Sometimes the most important part of a criminal case isn’t whether a person committed a crime– it’s what to do about it. In other words, there are times when the question really isn’t guilt or innocence. Instead, the question is “What is a just and balanced punishment for this offender, charged with this offense against this victim, in these particular circumstances?”. In such cases, the defense attorney plays a crucial role for the defendant through sentencing advocacy.
Through sentencing advocacy, the defense attorney argues for a punishment that is based on all relevant factors, including the life history and particular circumstances of the defendant. All too often, prosecutors and even judges are willing to impose sentences that are too harsh in light of the circumstances of the case or the defendant’s history. Sometimes this is a result of a rush to pigeon-hole cases, to conclude that this crime and this defendant are just like every other crime or defendant. At other times, prosecutors and judges just aren’t informed about all aspects of the situation.
It is the defense attorney’s job to make sure every case is seen for what it is– a unique event– and that no one overlooks mitigating circumstances that should effect the punishment. The classic example of mitigating circumstance is the man who steals bread to feed his family. Although most cases are not that straightforward, behind nearly every crime,even the most terrible, there is a story that should be heard and weighed before a sentence is handed down.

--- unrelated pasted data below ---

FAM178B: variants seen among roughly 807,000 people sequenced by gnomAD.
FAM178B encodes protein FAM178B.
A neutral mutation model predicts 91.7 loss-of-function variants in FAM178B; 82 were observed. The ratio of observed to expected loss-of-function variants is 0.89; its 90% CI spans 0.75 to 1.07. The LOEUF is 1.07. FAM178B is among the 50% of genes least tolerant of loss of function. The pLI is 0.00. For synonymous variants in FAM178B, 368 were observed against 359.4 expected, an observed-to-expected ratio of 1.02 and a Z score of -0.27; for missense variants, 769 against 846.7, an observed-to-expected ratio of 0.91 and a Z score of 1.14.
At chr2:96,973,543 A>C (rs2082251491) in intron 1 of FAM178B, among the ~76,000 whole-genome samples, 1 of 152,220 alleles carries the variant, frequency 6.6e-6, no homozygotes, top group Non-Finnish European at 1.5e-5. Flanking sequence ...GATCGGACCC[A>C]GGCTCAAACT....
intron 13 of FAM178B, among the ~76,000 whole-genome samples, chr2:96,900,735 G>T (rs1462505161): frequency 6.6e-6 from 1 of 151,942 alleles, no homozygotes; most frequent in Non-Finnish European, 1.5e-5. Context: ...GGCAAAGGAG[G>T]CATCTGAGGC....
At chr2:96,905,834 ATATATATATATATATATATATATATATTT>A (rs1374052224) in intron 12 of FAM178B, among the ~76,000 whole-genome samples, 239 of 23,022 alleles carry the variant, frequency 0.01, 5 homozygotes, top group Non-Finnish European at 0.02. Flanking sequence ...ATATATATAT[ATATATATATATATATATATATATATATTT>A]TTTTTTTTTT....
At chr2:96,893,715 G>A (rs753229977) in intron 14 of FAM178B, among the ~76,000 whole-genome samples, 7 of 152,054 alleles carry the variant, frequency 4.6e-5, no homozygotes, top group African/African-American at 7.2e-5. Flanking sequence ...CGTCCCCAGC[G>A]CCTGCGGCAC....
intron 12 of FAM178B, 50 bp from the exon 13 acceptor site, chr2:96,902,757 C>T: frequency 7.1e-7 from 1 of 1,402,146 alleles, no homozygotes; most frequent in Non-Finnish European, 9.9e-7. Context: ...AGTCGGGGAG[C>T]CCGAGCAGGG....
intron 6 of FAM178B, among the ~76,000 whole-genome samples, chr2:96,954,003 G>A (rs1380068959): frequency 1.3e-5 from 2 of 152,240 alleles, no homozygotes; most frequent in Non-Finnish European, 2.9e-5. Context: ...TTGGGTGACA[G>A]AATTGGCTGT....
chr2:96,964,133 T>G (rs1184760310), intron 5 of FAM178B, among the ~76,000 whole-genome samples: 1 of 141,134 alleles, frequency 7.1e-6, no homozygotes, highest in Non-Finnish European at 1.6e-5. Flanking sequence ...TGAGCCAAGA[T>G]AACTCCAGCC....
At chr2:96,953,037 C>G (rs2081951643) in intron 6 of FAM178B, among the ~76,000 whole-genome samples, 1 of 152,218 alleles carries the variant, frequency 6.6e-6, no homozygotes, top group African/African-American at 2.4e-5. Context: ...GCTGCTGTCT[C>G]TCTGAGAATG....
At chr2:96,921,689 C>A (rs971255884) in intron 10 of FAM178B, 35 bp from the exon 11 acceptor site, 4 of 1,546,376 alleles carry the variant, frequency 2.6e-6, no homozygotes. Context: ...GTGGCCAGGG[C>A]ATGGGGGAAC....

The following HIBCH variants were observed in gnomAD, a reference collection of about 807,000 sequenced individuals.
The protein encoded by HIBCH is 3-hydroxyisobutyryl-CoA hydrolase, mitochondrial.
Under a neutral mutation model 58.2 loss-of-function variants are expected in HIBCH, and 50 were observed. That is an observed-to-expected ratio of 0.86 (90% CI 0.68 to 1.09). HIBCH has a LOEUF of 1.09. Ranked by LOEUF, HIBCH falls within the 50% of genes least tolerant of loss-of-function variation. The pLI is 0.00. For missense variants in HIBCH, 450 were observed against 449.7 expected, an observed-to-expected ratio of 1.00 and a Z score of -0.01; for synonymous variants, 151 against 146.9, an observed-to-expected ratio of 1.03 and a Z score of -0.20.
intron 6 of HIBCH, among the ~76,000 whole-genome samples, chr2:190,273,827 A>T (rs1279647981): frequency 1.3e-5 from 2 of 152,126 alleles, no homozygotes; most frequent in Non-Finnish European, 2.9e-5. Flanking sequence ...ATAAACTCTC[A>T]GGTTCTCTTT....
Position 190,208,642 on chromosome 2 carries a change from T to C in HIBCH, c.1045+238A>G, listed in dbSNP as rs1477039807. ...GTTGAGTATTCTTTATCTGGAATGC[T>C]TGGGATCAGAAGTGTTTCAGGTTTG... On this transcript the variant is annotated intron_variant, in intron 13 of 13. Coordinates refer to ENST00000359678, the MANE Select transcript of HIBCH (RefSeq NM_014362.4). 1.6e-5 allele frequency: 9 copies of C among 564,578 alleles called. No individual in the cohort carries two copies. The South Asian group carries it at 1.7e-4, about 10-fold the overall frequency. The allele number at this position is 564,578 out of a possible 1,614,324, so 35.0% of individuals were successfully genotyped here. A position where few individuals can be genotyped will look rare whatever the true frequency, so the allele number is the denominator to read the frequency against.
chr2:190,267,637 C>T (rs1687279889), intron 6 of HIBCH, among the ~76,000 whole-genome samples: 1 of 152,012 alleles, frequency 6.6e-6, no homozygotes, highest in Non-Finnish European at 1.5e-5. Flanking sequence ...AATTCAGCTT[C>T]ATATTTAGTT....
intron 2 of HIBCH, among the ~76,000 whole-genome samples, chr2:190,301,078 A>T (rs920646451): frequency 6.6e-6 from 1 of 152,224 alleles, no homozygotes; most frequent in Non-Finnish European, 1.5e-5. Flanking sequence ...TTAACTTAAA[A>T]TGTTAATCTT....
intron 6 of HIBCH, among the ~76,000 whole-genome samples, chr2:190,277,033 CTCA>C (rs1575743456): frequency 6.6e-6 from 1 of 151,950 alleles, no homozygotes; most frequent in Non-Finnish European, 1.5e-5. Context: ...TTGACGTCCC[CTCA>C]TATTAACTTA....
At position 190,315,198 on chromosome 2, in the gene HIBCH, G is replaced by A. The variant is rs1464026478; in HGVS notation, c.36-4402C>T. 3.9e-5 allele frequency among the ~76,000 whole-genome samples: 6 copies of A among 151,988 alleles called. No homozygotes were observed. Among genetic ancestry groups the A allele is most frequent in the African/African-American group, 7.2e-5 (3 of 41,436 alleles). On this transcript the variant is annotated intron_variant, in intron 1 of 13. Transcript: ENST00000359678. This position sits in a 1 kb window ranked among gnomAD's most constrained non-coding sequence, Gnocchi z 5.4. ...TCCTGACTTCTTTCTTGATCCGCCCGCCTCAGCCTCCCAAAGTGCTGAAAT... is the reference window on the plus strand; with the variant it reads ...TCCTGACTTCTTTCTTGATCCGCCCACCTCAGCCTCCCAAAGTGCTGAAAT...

As a defense attorney, Stephen works hard to find the story behind the crime and present it to the court in the most compelling form possible. Although adamantly not a “plea lawyer,” Mr. Haedicke is adept at negotiating with the State for early resolutions of cases in appropriate circumstances (and after adequate investigation of defenses). Where that is not possible, he is equally skilled at presenting the defendant’s strongest argument for a lighter punishment to the judge on the case. This can involve telling the defendant’s life story through family members, school and medical records, or a variety of experts testifying about the defendant’s background or current circumstances.
Although Mr. Haedicke developed sentencing advocacy skills through capital representation—where a jury may have to determine whether the defendant lives or dies—presenting the life story of an accused can be a key part of any criminal case.